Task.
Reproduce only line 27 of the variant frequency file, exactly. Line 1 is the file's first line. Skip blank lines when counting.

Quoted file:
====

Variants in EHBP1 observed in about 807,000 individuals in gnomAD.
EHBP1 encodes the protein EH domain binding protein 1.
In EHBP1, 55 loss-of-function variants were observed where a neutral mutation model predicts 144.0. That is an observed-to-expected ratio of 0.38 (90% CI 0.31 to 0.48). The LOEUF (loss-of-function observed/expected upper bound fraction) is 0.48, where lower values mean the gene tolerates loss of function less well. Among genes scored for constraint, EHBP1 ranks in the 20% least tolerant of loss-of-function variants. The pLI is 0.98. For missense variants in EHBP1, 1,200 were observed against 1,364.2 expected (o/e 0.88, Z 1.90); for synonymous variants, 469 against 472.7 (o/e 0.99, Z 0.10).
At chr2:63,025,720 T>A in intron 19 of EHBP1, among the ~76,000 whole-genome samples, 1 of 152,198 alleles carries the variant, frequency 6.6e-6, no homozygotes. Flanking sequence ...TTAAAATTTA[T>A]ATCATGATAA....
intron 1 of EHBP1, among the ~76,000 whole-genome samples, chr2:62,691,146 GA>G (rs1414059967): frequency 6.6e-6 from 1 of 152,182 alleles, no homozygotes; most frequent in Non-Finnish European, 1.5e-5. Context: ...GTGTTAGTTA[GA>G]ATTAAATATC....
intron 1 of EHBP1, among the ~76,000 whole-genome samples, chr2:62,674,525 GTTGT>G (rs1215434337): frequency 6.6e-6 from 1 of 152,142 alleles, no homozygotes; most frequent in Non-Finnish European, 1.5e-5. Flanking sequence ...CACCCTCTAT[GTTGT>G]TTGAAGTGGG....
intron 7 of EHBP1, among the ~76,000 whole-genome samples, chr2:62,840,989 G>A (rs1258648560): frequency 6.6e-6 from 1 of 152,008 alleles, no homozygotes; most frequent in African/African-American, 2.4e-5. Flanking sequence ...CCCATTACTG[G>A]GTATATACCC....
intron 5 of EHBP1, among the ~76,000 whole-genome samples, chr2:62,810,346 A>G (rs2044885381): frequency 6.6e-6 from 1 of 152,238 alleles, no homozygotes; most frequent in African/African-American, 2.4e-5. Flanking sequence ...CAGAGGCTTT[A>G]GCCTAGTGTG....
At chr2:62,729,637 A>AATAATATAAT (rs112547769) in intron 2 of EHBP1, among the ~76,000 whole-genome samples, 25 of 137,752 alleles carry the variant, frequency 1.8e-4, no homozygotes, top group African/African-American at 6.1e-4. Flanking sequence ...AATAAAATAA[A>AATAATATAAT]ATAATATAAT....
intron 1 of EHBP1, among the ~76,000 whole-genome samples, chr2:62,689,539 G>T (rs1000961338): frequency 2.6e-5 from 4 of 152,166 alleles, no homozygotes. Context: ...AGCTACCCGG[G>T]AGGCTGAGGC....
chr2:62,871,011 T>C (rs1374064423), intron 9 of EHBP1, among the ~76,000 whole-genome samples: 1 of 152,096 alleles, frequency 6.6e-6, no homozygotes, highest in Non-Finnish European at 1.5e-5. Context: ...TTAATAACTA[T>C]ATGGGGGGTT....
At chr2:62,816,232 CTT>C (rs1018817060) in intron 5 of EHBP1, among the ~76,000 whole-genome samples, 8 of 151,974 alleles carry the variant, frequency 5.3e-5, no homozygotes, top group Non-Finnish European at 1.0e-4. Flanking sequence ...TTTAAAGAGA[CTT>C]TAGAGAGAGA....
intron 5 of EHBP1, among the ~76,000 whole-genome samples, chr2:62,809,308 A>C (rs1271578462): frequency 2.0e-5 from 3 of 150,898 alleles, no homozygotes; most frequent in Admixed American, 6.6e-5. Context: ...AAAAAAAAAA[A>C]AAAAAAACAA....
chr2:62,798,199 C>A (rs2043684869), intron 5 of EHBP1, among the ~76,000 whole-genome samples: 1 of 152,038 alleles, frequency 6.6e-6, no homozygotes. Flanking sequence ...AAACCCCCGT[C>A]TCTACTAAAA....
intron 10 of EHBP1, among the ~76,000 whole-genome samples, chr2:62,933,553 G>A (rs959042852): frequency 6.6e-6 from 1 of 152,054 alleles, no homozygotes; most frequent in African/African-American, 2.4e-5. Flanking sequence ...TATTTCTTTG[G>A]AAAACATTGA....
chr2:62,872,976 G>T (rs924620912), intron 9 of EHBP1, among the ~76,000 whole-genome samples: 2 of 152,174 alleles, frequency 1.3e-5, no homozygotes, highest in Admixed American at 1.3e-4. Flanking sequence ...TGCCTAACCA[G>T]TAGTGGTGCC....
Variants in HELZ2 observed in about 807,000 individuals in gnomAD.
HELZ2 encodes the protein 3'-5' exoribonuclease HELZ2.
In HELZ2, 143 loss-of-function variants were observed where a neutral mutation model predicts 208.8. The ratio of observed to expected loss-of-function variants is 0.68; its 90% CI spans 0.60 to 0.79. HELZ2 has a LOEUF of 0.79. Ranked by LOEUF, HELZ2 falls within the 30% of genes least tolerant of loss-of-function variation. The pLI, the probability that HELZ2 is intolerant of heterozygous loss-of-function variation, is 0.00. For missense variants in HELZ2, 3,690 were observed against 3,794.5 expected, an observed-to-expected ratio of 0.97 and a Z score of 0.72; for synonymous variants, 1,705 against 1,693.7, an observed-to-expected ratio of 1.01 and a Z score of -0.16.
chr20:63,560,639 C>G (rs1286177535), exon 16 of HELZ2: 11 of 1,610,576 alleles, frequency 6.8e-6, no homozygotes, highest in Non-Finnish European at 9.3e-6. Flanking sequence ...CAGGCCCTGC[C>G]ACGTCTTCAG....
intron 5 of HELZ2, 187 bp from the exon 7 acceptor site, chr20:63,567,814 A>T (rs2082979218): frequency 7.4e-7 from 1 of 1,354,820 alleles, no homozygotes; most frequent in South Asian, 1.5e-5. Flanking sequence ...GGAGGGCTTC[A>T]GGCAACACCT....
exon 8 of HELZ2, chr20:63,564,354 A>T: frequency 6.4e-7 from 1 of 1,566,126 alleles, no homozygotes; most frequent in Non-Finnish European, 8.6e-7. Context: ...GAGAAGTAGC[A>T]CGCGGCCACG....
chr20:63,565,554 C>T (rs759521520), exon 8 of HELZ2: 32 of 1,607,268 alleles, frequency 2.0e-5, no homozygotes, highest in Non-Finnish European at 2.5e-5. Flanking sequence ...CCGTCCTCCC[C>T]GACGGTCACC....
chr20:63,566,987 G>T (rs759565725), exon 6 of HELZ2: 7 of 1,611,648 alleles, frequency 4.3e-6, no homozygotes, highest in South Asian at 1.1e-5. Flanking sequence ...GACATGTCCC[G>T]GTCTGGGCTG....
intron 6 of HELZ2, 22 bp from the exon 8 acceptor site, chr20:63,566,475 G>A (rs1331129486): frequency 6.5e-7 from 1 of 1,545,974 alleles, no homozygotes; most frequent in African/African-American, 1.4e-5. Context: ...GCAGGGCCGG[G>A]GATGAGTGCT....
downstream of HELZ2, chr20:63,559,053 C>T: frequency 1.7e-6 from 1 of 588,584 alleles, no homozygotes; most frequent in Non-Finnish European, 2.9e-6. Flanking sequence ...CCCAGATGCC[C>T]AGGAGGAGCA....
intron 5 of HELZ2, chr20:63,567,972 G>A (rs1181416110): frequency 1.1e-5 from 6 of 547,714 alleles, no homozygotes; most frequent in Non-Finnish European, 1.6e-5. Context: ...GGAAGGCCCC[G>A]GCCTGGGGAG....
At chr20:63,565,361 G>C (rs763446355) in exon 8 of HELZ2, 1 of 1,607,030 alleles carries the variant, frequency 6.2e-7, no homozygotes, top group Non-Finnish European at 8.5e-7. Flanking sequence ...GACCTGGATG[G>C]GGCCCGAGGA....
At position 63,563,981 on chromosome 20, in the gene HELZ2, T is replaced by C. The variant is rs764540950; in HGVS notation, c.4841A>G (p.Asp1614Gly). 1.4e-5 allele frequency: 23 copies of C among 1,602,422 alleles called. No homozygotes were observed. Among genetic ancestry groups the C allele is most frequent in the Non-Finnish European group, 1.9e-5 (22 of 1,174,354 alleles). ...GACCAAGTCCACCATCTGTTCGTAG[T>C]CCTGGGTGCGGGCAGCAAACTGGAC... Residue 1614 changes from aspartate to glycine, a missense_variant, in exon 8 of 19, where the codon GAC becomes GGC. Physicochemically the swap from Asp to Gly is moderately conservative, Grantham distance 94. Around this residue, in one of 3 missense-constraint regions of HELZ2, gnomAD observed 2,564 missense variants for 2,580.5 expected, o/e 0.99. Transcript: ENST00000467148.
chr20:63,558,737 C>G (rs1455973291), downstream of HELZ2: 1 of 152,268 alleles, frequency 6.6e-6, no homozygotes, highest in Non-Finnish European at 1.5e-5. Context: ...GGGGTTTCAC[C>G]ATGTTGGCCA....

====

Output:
intron 5 of HELZ2, chr20:63,567,972 G>A (rs1181416110): frequency 1.1e-5 from 6 of 547,714 alleles, no homozygotes; most frequent in Non-Finnish European, 1.6e-5. Context: ...GGAAGGCCCC[G>A]GCCTGGGGAG....